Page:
The last chapters does, however, despite the massive length of the game, feel a bit rushed at places. As the story is winding to its conclusion, it's evident that there was a feeling of pressure to tie up things, so there's a heavy feeling of fast forwarding. Saga especially comes out a bit like a Deus Ex Machina solution, as when she finally emerges fully grown, she also knows things the player doesn't. But then again, that's the nature of the character: someone who makes sure that the things happen like they should.



Dreamfall Chapters is, just like Dreamfall was, a 3rd person adventure game. But unlike its predecessor, it doesn't have any combat in it, but it does have some, rather poorly done, stealth sequences. The Final Cut version has removed one stealth sequence and interestingly enough, two scenes that were cut out since the original release are still left in as a bonus content. Another big addition to The Final Cut is a game map, that eases up navigation in the open areas of Propast and Mercuria. In the original version, the only maps you could use were info map spots located in the game world itself.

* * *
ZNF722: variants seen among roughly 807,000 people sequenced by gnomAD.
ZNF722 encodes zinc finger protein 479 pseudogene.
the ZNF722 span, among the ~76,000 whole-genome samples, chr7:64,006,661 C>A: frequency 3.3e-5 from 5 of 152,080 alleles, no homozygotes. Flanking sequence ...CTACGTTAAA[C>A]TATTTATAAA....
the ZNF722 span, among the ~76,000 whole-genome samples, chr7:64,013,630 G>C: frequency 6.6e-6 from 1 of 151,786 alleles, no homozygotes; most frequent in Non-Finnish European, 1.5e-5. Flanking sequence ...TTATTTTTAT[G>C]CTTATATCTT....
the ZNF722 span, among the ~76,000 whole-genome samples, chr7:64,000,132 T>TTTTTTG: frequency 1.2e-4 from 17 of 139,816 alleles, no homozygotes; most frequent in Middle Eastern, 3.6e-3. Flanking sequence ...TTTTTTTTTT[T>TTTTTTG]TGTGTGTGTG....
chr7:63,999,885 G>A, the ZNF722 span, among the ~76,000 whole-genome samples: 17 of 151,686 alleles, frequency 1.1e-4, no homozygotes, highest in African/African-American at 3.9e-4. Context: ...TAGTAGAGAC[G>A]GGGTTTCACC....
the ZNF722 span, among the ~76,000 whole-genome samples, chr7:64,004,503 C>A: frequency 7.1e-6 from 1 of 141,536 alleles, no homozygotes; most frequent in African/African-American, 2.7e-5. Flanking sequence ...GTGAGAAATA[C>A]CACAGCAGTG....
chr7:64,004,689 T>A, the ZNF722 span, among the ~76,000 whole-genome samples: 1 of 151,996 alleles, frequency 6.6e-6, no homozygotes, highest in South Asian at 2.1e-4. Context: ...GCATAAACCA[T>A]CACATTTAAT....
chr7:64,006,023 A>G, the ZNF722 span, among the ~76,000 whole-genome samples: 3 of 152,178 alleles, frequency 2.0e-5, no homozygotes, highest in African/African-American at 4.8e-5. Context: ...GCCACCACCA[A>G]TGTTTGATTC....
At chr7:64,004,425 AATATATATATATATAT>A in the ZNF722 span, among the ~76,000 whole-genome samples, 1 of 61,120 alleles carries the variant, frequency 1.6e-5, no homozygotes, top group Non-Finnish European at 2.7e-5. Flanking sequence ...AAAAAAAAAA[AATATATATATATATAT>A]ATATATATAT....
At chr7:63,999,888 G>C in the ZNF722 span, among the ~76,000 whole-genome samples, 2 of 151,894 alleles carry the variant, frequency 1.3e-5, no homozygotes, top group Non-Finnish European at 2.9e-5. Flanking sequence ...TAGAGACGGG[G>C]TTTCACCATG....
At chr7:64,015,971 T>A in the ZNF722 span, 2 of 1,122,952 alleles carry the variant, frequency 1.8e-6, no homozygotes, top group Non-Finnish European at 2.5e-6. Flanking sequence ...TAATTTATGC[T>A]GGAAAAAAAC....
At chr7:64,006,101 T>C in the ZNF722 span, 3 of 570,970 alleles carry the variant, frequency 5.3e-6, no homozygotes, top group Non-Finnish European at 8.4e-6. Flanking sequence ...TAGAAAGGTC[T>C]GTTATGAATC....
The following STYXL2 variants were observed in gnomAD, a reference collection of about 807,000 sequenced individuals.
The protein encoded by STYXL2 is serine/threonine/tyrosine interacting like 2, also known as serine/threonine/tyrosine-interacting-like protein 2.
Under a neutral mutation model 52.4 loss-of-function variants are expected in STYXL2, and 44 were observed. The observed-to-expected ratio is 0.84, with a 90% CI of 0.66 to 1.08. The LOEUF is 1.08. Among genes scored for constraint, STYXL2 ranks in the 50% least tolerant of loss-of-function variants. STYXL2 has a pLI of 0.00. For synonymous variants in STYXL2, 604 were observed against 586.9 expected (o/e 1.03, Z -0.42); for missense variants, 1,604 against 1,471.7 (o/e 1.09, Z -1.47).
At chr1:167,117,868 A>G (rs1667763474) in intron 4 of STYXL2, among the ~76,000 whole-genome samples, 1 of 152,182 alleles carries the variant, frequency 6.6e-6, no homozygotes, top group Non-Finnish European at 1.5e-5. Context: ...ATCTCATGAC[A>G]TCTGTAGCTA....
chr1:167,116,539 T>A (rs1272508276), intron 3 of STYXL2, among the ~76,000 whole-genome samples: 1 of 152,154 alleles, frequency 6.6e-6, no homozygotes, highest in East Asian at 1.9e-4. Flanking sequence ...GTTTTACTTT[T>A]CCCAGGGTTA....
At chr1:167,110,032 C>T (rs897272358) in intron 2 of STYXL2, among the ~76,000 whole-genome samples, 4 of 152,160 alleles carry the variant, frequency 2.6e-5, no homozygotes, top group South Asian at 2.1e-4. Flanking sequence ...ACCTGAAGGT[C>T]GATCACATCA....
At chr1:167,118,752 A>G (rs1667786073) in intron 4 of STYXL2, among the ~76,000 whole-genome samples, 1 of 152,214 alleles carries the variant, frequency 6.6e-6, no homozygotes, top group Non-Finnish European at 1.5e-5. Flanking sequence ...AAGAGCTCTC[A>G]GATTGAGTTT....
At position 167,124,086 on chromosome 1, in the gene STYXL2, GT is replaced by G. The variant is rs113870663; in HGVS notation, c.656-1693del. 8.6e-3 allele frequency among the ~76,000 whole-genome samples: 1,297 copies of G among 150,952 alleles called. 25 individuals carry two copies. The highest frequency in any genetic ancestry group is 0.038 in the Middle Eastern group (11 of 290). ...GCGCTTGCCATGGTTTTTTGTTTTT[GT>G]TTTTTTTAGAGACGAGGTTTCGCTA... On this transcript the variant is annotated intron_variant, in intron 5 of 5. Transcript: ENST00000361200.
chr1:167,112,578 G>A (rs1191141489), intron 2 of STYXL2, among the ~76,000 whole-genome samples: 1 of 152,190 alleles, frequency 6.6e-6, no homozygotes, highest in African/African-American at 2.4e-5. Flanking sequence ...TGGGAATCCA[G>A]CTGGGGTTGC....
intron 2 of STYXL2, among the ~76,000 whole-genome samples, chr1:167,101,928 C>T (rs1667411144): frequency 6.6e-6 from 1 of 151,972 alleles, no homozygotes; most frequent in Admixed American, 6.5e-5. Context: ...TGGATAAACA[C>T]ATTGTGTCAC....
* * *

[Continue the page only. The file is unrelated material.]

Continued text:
The puzzles range from your standard "get a right item and use it in the right place" to environmental puzzles, where you need to use things to proved you cover for an example so that people won't see you doing something you're not allowed to do. Some puzzles require you to give simple commands to characters you can interact with and in some cases, you can use Zoë's dreamer powers to affect the surroundings and the people. This latter part is sadly underused, as it is a system that offers a lot of potential that isn't fully realized. The most annoying puzzle in the game is one of Saga's though, as at one point her father orders her to clean up an after herself by clearing out 9 pictures she has left all around the house. This whole segment is an annoying little treasure hunt, where you need to explore each nook and cranny of the house while using a camera system that isn't necessarily the most suited for the task. I don't mind the puzzle that comes after that though.